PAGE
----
Chant is different. The simplest chants will often include not just chord sequences but scales and arpeggios, each alternating with the other and often in combinations that defy any rendering in the common chorded-up sequence that many guitar bands expect. I once tried writing chords for Salve Regina, but it never quite worked. There are things in there that just don’t fit, like G-F# combinations on the same note, or polyphonic combinations that go off in opposite directions. Then there are the pauses that are commonly added but are rarely marked in common music notation. A lot of chant allows for this — indeed that’s part of the very notion of “plainchant,” meaning a choir can render the meter in slightly different ways if this is desired. Such a level of liberality is almost unheard-of in the tightly controlled meter of modern music, where the relentless count marches on with little change to the velocity or spacing of the meter. Chant, on the other hand, allows for it — even seems to encourage it. It’s like every line has an unmarked fermata — or not — and without someone to provide direction (or lots of experience in the choir and congregation), it can be easy to get lost.

    But on purely technical ground, such music is easier to sing — at least easier than the good modern stuff, with all the subtle complexities actually noted in the complete score. And the effective way to simplify chant is not to simplify the apparent F#m chords to D. or anything similar. Rather, the best approach is to have the entire choir sing the melody. Ignore the polyphony until the choir gets the basic melody down. At that point, the different voices can be added back in. Meanwhile, take full advantage of the plainchant aspects. If there’s a tough transition, make it a real pause, so that the choir can prepare itself to proceed.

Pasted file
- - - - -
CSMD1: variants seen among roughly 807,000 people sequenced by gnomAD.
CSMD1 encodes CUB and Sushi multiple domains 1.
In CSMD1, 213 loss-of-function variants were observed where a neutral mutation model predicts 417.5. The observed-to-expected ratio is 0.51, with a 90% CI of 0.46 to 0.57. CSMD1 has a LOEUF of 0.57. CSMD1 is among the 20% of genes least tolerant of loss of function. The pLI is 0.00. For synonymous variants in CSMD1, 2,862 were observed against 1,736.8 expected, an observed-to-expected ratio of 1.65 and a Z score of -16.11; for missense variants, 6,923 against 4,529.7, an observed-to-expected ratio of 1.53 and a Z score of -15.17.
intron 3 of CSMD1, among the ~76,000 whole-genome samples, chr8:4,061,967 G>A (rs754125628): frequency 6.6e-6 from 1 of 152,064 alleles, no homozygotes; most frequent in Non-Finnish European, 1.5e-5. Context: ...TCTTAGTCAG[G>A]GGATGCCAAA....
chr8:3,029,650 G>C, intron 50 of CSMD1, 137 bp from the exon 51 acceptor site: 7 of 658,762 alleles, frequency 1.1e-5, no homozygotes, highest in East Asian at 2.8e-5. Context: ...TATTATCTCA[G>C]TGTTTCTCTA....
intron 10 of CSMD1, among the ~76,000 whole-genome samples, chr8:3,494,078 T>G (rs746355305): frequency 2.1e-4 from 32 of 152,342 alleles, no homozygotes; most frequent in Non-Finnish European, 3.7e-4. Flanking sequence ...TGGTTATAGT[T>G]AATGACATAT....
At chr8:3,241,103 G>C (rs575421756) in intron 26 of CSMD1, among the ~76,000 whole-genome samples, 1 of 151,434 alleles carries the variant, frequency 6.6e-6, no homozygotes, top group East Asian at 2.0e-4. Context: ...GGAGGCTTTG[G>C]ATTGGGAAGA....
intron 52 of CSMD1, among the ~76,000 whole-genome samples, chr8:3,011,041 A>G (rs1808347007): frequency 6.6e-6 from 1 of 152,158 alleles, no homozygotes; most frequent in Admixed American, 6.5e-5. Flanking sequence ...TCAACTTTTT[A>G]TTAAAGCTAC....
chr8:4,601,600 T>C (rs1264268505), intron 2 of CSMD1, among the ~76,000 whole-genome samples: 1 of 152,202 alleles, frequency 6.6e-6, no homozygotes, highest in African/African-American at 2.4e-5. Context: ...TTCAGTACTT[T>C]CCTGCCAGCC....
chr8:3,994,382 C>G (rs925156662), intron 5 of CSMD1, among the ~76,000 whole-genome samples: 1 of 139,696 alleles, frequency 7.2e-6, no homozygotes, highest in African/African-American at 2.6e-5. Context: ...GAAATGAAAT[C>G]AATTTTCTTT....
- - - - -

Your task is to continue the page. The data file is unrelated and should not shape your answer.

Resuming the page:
• Mary Anne Moresco

    It would also be greatly beneficial if Catholic universities and schools would teach chant to the students.

  • noelfitz

    I think two different things are being discussed here. The original article is about Gregorian chant.
    But PH wrote:
    Basic chant with a single melody line can be sung by anyone. More complex forms of polyphony can be difficult, but I suppose no more difficult than the 4-part harmony most choirs are capable of.

    Polyphony is not Gregorian chanty.

  • HomeschoolNfpDad

    Not necessarily two things being discussed, but perhaps. Polyphony is just an older term meaning “many sounds.” The modern terminology includes things like harmony and descant for specific types of polyphony, as well as terms like contrabass, bass, tenor, alto, soprano, and sopranino for specific ranges of polyphony. But Noel is absolutely right: Gregorian chant typically includes polyphonic aspects, but it is not necessary to include the polyphonic voices in order for it to be chant. Moreover, other varieties of music also incorporate polyphony. Notably (but not exclusively) the orchestral music that rose out of the liturgical tradition of Pope Benedict’s own Bavarian region of Germany is polyphonic, traditional, and beautiful. But it sure ain’t chant.